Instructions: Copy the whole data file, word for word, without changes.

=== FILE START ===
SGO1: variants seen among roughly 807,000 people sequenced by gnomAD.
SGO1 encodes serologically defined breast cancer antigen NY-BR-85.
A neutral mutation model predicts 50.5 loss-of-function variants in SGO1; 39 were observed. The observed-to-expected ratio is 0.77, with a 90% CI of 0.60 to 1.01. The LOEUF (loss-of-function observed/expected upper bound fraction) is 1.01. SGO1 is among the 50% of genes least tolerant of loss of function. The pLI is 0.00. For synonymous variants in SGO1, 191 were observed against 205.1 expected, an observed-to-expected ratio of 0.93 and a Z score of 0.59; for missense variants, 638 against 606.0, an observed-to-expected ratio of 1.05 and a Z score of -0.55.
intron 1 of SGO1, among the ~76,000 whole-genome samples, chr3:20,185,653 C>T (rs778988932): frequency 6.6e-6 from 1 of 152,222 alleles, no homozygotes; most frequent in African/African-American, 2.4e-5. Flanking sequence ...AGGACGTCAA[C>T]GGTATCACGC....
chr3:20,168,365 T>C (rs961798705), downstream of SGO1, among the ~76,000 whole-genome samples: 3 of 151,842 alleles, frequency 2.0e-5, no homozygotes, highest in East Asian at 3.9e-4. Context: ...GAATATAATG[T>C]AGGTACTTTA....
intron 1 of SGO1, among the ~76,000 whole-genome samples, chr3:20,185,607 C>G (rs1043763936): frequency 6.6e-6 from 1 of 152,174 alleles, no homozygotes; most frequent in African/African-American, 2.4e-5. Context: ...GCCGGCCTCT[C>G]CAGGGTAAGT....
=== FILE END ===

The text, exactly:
SGO1: variants seen among roughly 807,000 people sequenced by gnomAD.
SGO1 encodes serologically defined breast cancer antigen NY-BR-85.
A neutral mutation model predicts 50.5 loss-of-function variants in SGO1; 39 were observed. The observed-to-expected ratio is 0.77, with a 90% CI of 0.60 to 1.01. The LOEUF (loss-of-function observed/expected upper bound fraction) is 1.01. SGO1 is among the 50% of genes least tolerant of loss of function. The pLI is 0.00. For synonymous variants in SGO1, 191 were observed against 205.1 expected, an observed-to-expected ratio of 0.93 and a Z score of 0.59; for missense variants, 638 against 606.0, an observed-to-expected ratio of 1.05 and a Z score of -0.55.
intron 1 of SGO1, among the ~76,000 whole-genome samples, chr3:20,185,653 C>T (rs778988932): frequency 6.6e-6 from 1 of 152,222 alleles, no homozygotes; most frequent in African/African-American, 2.4e-5. Flanking sequence ...AGGACGTCAA[C>T]GGTATCACGC....
chr3:20,168,365 T>C (rs961798705), downstream of SGO1, among the ~76,000 whole-genome samples: 3 of 151,842 alleles, frequency 2.0e-5, no homozygotes, highest in East Asian at 3.9e-4. Context: ...GAATATAATG[T>C]AGGTACTTTA....
intron 1 of SGO1, among the ~76,000 whole-genome samples, chr3:20,185,607 C>G (rs1043763936): frequency 6.6e-6 from 1 of 152,174 alleles, no homozygotes; most frequent in African/African-American, 2.4e-5. Context: ...GCCGGCCTCT[C>G]CAGGGTAAGT....